Much of the Iraq’s troubles are related to high unemployment. Yet to their south in the Persian Gulf region at least one state is using what remains of its oil wealth to pursue sustainable technologies and the industries and jobs that will follow. The Masdar Initiative in the emirate of Abu Dhabi in the United Arab Emirates is that example.

The objectives of Masdar are to position Abu Dhabi as a world-class research and development hub for new sustainable energy technologies and drive the commercialization and adoption of these and other technologies. Commercialization and adoption means jobs and opportunity, just what Iraq needs. The next president could encourage Iraqis only to look around in the neighborhood to see what is possible for their nation.

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MATTHEW L. WALD, The New York Times, June 8, 2008

Washington — Cutting carbon dioxide emissions is a fine idea, and a lot of companies would be proud to do it. But they would prefer to be second, if not third or fourth.

This is not a good way to get started in fighting global warming.

As efforts to pass a global warming bill collapsed in the Senate last week, companies that burn coal to make electricity were looking for a way to build a plant that would capture its emissions. There is a will and a way — several ways, in fact — to do just that.

Capturing carbon from these plants may become a lot more important soon. Emissions from coal-fired power plants already account for about 27% of American greenhouse emissions, but as prices for other fuels rise, along with power demand, utilities will burn more coal. And if cars someday run on batteries, a trend that $4-a-gallon gasoline will accelerate, then the utilities will burn even more fuel to generate the electricity to recharge those batteries.

This could be good news, because controlling emissions from a few hundred power plants is easier than controlling them from tens of millions of house chimneys, or hundreds of millions of tailpipes. And in the laboratory, at least, there are three very promising systems for capturing carbon dioxide before pumping it underground.

But supplying electricity is not like most other businesses. Unlike the companies that make microchips, clothing for teenagers or snack foods, the companies that make electricity can see no advantage in going first. This is true for the traditionally regulated utilities that can charge everything to a captive class of customers (if regulators approve), and it is also true for the “merchant generators,” who build power plants and sell their output on the open market.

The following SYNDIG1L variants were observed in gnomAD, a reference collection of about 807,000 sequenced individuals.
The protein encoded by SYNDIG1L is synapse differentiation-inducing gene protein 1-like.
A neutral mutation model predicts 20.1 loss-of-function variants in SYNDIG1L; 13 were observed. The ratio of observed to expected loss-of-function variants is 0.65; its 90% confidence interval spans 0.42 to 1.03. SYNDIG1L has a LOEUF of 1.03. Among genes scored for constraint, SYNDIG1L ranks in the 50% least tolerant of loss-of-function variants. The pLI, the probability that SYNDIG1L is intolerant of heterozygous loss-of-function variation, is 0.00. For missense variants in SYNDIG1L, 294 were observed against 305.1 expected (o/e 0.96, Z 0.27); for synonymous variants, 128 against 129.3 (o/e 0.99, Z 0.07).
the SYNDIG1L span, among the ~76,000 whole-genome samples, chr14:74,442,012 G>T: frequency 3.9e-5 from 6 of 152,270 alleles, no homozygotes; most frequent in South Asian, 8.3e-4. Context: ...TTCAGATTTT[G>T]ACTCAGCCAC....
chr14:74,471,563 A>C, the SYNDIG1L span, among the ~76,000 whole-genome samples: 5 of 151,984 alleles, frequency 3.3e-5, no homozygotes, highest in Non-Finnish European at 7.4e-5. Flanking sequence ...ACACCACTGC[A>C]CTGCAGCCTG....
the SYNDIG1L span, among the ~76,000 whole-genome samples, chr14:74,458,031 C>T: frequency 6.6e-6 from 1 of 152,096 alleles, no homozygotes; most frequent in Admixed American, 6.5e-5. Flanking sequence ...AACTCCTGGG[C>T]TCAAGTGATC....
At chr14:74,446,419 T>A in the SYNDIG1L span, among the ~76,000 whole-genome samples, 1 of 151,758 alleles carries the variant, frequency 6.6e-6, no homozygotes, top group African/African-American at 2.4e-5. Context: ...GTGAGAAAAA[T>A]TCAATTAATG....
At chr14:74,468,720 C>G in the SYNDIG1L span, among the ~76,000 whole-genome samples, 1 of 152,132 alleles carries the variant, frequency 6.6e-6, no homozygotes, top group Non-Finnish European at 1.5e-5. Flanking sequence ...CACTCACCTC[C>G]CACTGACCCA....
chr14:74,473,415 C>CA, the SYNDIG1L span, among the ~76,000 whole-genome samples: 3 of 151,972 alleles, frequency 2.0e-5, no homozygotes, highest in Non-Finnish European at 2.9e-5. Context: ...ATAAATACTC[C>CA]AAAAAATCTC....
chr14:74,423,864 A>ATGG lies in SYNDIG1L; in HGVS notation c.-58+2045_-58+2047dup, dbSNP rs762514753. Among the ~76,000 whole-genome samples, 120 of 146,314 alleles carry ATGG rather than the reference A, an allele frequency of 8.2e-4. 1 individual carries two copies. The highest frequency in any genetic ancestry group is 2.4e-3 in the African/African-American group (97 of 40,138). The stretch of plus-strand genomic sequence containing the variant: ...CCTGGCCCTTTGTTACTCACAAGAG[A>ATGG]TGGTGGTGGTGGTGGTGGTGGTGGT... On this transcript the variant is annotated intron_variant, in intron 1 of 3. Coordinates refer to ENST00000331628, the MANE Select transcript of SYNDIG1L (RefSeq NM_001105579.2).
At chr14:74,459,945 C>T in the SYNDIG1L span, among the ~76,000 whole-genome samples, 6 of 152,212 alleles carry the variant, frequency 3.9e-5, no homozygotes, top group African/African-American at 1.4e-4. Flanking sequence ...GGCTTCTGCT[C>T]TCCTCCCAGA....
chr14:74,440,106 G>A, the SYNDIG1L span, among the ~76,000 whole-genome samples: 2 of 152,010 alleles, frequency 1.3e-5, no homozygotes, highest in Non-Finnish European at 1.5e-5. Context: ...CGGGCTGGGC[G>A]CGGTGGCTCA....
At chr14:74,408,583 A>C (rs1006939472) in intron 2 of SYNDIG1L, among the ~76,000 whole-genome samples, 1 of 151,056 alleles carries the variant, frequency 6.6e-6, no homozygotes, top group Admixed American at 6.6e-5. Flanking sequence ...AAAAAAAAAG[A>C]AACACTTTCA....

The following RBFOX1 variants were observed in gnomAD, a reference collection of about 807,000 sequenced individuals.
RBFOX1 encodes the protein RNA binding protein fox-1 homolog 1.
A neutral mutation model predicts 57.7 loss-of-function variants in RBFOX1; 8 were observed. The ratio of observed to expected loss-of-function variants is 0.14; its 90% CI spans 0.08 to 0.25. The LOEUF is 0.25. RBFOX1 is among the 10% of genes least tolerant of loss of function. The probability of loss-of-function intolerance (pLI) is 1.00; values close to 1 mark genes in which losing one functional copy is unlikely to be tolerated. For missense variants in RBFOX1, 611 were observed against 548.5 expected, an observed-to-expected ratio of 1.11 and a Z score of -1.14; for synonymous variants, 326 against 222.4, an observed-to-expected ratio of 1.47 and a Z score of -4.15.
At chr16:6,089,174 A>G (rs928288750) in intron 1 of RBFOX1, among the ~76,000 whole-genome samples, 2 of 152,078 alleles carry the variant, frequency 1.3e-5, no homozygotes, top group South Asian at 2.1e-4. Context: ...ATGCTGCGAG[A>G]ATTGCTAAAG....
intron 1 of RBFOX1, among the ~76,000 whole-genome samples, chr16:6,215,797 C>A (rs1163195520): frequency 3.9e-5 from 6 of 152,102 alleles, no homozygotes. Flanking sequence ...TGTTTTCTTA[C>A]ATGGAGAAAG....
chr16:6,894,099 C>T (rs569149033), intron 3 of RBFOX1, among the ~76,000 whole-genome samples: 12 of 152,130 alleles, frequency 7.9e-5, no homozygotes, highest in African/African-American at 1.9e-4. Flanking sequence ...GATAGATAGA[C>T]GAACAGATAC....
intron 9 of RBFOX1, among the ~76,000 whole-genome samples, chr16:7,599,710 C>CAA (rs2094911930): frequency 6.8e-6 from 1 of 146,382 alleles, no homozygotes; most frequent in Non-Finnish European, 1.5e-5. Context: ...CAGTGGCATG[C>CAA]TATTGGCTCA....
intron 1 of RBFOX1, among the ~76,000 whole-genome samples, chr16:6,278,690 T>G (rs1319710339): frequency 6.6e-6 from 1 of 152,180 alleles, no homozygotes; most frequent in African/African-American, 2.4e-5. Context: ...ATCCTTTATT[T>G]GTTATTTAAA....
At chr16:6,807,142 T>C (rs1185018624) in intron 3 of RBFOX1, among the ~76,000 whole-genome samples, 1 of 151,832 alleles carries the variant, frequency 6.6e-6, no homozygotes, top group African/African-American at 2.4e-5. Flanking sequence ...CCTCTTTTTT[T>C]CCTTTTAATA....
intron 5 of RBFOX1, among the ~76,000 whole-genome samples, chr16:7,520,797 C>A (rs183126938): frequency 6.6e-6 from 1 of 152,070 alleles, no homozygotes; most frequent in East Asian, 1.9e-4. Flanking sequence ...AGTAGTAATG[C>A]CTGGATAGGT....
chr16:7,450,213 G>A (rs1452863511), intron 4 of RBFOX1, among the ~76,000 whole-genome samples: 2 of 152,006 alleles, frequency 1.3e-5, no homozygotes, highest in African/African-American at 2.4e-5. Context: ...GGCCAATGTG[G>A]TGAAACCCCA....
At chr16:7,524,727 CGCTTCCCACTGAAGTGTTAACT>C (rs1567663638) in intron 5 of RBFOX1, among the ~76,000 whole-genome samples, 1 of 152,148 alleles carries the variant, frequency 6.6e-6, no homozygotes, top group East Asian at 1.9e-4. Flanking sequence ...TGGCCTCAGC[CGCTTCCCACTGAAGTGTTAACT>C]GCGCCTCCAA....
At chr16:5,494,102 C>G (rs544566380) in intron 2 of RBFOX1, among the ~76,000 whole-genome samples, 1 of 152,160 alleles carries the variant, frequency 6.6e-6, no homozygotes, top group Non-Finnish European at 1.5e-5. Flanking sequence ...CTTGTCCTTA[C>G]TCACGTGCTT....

“No one wants to go into the new world,” said Armond Cohen, executive director of the Clean Air Task Force, a nonprofit group that favors stringent controls on power plant emissions. “We have very few takers because of the price premium.”

By price premium, Mr. Cohen meant not only the costs of going first, with the high probability of mistakes that others can learn from, but the costs of the new technology itself. The problem is, the premium is of unknown size, which makes everyone in the industry especially wary.

The point was illustrated by a recent decision by the Virginia State Corporation Commission, which regulates utilities, to turn down an application by the Appalachian Power Company to build a plant that would have captured 90% of its carbon and deposited it nearly two miles underground, at a well that it dug in 2003. The applicant’s parent was American Electric Power, one of the nation’s largest coal users, and perhaps the most technically able. But the company is a regulated utility and spends money only when it can be reimbursed.

The Virginia commission said that it was “neither reasonable nor prudent” for the company to build the plant, and the risks for ratepayers were too great, because costs were uncertain, perhaps double that of a standard coal plant. And in a Catch-22 that plagues the whole effort, the commission said A.E.P. should not build a commercial-scale plant because no one had demonstrated the technology on a commercial scale.

Thus an approach that makes collective sense — trying out technologies that could be helpful over the long term — is unattractive to individual participants.

That is not the only where-to-get-started problem. Another is that building a plant might make sense to a utility regulator, or to a company that builds power plants on speculation, if it generated pollution credits that the company could then sell to other polluters, for instance, or could help the plant meet emissions quotas. But there are, as yet, no credits to buy or sell and no quota to meet.

When Congress debates the idea, one of the drawbacks is that no one is sure where to set the caps on emissions, because no one is sure what the carbon regulation would cost. So there is no regulation, no plant built to meet the regulation, and thus no plant for lawmakers to look at to determine how strict a regulation to pass.